FIG. 4 shows an example of intermediate shading in which the user has set a threshold distance in screen space (i.e.: a pre-set minimum threshold between sample locations 70) which prevents samples from merging into one sample location 70 as was shown in FIG. 3. Specifically, the properties of each of the sixteen sub-pixel locations 60A to 60P are merged into four data sets for sample locations 70A to 70D, as follows. The properties for sub-pixel locations 60A, 60B, 60E and 60F are merged into a data set for sample location 70A. Similarly, the properties for sub-pixel locations 60C, 60D, 60G and 60H are merged into a data set for sample location 70B. Similarly, the properties for sub-pixel locations 60I, 60J, 60M and 60N are merged into a data set for sample location 70C. Similarly, the properties for sub-pixel locations 60K, 60L, 60O and 60P are merged into a data set for sample location 70D. Thus, four data sets are used to render pixel 20 in FIG. 4. As can be seen, the threshold distance criteria (separating locations 70) prevented all the samples 60 from being merged into one sample location 70 as was shown in FIG. 3.

FIG. 5 shows an example of fine shading. Here the threshold distance separating locations 70 has been set so low that no samples are allowed to merge. Specifically, the properties of each of the sixteen sub-pixel locations 60A to 60P are not merged, but instead correspond directly to individual data sets for each of sample locations 70A to 70P. Thus, sixteen data sets are used to render pixel 20 in FIG. 5. The shading rate may vary based on material, so that the artist may designate materials which need finer shading because of their finer texturing.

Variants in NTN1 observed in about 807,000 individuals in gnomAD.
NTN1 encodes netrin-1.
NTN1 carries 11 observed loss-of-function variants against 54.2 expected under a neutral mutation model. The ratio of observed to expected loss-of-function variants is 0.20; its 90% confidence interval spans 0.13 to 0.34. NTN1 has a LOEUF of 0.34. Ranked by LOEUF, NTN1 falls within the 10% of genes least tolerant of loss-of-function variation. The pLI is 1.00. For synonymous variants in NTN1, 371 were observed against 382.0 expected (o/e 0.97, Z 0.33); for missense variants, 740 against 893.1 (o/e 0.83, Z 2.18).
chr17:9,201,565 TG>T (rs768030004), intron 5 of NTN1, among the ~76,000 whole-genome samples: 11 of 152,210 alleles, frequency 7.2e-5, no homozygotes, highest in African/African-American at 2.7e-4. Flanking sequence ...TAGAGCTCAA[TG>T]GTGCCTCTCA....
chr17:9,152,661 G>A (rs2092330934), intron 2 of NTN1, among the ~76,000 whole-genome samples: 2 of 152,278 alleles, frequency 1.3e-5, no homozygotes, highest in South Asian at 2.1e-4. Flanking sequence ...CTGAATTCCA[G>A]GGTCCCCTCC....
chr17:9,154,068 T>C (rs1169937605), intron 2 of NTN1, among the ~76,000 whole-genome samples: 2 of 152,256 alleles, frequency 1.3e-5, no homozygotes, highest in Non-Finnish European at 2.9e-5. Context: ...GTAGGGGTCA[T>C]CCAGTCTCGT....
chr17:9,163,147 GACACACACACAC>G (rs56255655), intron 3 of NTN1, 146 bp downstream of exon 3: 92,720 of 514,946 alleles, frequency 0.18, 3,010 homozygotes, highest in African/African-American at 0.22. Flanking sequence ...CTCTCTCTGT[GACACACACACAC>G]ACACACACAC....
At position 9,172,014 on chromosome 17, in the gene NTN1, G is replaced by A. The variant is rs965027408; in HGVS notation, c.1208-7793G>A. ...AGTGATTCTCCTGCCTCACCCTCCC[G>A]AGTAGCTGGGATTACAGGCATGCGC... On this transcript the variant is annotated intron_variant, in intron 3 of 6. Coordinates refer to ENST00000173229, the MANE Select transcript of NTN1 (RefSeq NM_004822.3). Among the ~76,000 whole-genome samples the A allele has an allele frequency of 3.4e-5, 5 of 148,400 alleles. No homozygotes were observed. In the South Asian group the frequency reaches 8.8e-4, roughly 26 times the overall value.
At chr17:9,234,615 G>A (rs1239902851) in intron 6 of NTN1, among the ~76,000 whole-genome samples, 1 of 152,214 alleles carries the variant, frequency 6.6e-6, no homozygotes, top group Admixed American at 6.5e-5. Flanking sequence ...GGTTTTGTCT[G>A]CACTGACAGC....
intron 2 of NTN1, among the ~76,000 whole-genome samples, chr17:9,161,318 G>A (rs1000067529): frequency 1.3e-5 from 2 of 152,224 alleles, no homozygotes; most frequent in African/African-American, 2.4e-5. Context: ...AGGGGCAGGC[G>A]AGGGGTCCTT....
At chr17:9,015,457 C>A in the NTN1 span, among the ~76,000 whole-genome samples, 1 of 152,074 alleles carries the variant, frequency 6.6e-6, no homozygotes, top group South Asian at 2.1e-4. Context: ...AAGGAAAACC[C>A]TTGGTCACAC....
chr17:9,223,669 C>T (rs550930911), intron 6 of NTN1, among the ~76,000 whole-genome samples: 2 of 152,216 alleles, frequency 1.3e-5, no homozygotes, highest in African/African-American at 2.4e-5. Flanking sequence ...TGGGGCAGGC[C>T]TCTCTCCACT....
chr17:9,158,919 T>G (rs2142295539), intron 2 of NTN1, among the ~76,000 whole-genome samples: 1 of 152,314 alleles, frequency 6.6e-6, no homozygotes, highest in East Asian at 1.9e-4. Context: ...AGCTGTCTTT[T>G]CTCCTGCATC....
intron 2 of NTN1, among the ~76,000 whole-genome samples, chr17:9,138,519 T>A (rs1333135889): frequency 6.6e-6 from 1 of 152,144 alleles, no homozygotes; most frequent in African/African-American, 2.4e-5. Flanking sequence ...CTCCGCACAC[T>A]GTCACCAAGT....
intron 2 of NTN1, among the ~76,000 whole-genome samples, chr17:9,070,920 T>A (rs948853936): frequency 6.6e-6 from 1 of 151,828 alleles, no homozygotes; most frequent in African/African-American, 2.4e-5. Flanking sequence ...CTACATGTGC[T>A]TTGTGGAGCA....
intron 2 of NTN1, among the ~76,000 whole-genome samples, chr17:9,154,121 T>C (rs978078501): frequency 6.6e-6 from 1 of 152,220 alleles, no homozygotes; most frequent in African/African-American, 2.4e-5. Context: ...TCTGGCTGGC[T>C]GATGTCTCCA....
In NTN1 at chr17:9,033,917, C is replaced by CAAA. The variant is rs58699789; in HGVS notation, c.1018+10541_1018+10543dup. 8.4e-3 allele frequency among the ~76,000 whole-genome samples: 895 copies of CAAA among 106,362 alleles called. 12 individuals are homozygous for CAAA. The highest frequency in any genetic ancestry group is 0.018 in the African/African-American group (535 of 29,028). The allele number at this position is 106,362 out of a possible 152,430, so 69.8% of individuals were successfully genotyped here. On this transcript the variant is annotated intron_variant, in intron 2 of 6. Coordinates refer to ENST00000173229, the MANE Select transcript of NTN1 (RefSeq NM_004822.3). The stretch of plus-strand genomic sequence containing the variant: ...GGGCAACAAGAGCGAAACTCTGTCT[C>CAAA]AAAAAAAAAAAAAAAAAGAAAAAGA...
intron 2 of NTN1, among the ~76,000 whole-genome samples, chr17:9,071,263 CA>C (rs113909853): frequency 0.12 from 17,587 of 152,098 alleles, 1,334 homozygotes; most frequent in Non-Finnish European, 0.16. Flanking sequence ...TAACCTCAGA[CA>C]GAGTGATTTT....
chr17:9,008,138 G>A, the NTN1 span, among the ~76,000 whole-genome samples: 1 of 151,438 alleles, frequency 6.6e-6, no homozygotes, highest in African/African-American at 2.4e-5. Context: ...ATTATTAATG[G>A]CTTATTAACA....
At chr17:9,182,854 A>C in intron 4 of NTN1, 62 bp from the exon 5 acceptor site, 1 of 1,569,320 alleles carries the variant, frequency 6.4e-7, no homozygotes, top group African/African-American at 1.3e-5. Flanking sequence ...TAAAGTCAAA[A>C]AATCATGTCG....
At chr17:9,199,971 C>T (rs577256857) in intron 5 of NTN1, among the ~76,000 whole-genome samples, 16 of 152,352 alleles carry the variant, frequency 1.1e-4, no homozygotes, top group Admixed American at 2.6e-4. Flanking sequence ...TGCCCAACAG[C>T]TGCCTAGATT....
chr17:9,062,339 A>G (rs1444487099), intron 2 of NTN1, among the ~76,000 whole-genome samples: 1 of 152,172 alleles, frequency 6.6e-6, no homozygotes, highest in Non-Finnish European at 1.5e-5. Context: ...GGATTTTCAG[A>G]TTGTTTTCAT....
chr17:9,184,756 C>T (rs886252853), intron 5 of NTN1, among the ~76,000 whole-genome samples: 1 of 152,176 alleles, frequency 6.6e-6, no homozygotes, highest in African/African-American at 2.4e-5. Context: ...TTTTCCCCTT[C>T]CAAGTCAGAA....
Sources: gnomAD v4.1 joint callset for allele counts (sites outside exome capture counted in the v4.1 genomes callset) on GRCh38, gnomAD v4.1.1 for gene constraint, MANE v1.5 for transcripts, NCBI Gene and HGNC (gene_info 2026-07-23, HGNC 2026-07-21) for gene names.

In various optional embodiments of the invention, the sampling of dataset properties at sub-pixel locations 60 may be performed by scan converting 2D or 3D datasets. In other optional embodiments of the invention, the sampling of dataset properties at sub-pixel locations 60 may be performed by ray tracing of 3D dataset properties. In still further optional embodiments of the invention, the sampling of dataset properties at sub-pixel locations 60 may be performed by baking from UV coordinates of 3D surface dataset properties.

Another advantage of this approach is that a coarse shading rate may be used to compute and display one property of the pixel whereas a finer shading rate may be used to compute and display another property of the pixel. Thus, different pixel values can be calculated at different shading rates. This allows the artist to determine which properties need to be computed at high quality and which other properties can be computed at a lower quality more quickly. Additionally, the different rates can be used to compute different sub-pixel properties before shading.